can determine the application is not an application for a "balanced budget" amendment, but rather an application for "limited federal spending" amendment. When completed instead of one set of applications requesting a balanced budget amendment, there are three groups of applications requesting "different" amendment subjects none of which may contain the required two thirds necessary to trigger a convention call. When Congress completes its separation of applications into groups it then counts the state applications within each amendment subject group it has created. If the count in each amendment subject group is less than two thirds of the states on that particular amendment subject Congress has created, it then declines to call the convention for lack of the proper number of applications on a particular subject.

FOAVC has conducted it own investigation of this grouping system. It has determined it is very easy to group applications to preclude any amendment subject from receiving the necessary two thirds required to cause Congress to call a convention. FOAVC has grouped the applications into broad amendment subjects and believes four amendment subjects have achieved the two thirds status necessary for a convention call. In short, whoever groups the applications under "same subject" determines whether there is a convention call.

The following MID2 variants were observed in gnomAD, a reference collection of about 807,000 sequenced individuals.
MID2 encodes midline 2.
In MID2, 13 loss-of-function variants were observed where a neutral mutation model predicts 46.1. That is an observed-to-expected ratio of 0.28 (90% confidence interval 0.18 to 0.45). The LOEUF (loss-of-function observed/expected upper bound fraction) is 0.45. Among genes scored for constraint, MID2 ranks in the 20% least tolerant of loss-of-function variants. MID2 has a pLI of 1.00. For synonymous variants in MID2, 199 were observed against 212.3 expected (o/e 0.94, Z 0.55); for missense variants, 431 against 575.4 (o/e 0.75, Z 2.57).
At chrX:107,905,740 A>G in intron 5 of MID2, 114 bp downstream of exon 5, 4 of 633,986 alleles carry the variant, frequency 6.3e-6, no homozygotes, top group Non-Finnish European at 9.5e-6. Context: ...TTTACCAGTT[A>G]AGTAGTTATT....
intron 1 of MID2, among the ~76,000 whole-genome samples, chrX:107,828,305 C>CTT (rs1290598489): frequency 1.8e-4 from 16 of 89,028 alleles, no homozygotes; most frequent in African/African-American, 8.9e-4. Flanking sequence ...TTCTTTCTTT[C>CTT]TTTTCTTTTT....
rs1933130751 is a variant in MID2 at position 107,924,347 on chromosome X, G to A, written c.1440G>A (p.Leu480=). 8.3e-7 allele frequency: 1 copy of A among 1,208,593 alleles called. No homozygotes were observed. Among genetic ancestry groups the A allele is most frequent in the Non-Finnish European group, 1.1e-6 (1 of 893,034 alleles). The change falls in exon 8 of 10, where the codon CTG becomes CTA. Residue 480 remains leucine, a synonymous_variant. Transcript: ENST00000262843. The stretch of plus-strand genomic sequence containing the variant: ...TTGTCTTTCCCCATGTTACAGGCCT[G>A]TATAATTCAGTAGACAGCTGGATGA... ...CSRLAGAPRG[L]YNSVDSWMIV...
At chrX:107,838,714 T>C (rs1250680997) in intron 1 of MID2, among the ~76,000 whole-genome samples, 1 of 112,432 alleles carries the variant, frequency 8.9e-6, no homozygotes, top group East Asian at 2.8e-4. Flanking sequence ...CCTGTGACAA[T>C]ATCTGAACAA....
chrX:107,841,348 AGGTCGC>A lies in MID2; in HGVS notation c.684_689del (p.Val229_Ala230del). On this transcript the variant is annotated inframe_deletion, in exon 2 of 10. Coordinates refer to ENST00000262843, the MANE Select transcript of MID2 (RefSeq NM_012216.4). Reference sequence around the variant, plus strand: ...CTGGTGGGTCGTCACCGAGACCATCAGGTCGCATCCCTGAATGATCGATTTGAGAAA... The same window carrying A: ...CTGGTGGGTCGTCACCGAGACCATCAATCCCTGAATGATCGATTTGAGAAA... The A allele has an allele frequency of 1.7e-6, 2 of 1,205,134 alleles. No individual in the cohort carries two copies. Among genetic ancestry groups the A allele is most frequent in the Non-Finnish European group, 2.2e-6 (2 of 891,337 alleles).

In order that people can judge for themselves the potential abuse this system of count affords, FOAVC's grouping of state applications into various broad amendment subjects is found at this link. The public record clearly demonstrates Congress has little, if any, interest in calling a convention and therefore is politically motivated, if given the opportunity, to use any means to defeat a convention call. Therefore if Congress is presented the opportunity to use "same subject" it is likely it will determine an insufficient set of applications on the same amendment subject exist to cause a convention call.


"Same subject" advocates favor a "closed" convention. By this combination these groups, who favor a particular amendment or agenda, intend that only "their" amendment or agenda is considered by the convention by excluding all other amendment subjects before the convention begins. These political groups therefore ignore all applications previously submitted by the states except for those they themselves obtain from the states. Reasons for ignoring these applications (even if the applications support the group's amendment agenda) are always vague if stated at all. No legal reference or constitutional reason is ever given for the rejection. Examples of groups favoring a "closed", "same subject" Article V Convention include Convention of States, Compact for America and Balanced Budget Amendment Task Force.